Motorists seldom brood over a bridge’s namesake as they cross its span, and few picnickers ask why a favorite park bears the name of someone long lost to their era.
We too often take for granted vital facilities, public lands and shared conveniences, acting as though they’ve always been here to serve and please. But great people worked together to create such benefits and, occasionally, grateful people honor greatness by naming parks, bridges or buildings after those inspiring them.
In that case, Congressman John Dingell, D-Michigan, will be honored often the next few years as Americans appreciate history’s longest-serving and possibly hardest working member of the U.S. Congress and Senate. Dingell, 1926-2019, died Feb. 7 at age 92, and served 59 years in the House of Representatives from 1955 to 2014. He distinguished himself as a nonpartisan hunter-conservationist who understood that compromising – not dividing and conquering – is the force that makes our democracy great.
As Congressman Dingell recently told a voter via Twitter: “No matter our party affiliation, we are all in the same boat. We cannot turn to our neighbor and say, ‘I’m sorry, but your end of the boat is sinking.’”
Dingell’s fellow lawmakers called him “Big John” and “The Truck” because of his 6-foot-3-inch height and bulldog temperament. He served under every U.S. president from Eisenhower to Obama, and served for decades as chairman of the Energy and Commerce Committee, overseeing everything from transportation to consumer affairs and public health. When folks asked Dingell to define his committee’s responsibilities, he pointed to a photograph of the Earth taken from space.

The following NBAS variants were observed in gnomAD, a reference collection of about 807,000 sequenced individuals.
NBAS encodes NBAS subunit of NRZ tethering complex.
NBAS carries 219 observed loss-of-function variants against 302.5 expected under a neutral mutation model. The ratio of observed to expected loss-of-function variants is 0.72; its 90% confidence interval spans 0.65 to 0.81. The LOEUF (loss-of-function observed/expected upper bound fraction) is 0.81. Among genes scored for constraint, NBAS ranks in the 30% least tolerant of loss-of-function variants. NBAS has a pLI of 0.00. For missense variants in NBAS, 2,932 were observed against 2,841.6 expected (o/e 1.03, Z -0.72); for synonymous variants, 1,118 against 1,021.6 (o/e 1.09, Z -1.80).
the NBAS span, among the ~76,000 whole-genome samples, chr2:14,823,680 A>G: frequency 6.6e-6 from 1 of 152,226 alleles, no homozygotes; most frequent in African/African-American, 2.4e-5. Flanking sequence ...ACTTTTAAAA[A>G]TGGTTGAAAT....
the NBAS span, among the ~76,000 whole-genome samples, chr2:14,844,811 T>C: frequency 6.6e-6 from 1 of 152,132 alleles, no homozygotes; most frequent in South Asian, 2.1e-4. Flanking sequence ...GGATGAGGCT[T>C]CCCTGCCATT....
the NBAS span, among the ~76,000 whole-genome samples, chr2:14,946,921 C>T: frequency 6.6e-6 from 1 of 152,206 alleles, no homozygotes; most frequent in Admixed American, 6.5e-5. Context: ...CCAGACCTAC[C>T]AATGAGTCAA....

Those studying photos of Dingell’s office appreciate portraits above his desk of Franklin Roosevelt, John Kennedy, Hubert Humphrey, Gerald Ford and Jimmy Carter. Hunters extend the appreciation further by admiring portraits of mountain goats and landing ducks, and mounts of a giant sailfish and young white-tailed buck. And they debate whether the congressman’s mounted drake is a woody or mallard.
More impressive, though, is Dingell’s long list of legislative accomplishments on behalf of hunters, conservation and the environment. The National Wildlife Refuge Association credits him as chief architect of the Clean Water Act (1972); and the author of the Endangered Species Act (1973), Marine Mammal Protection Act (1972), National Environmental Policy Act (1970), and Refuge Administration Act (1966). The association recognized Dingell’s contributions by giving him its first “Theodore Roosevelt Lifetime Achievement Award” in 2014.
Ducks Unlimited notes that Dingell served a record 45 years on the Migratory Bird Conservation Commission, and helped write and pass the North American Wetlands Conservation Act (1989). That legislation helped fund over 2,833 projects on almost 30 million acres in all 50 states, and parts of Canada and Mexico.
Congressman Dingell also broadened his family’s mark on the nation’s signature funding programs for fish and wildlife: the Pittman-Robertson Wildlife Restoration Act (1937) and the Dingell-Johnson Sport Fish Restoration Act (1950), which was sponsored by his father, John Dingell Sr.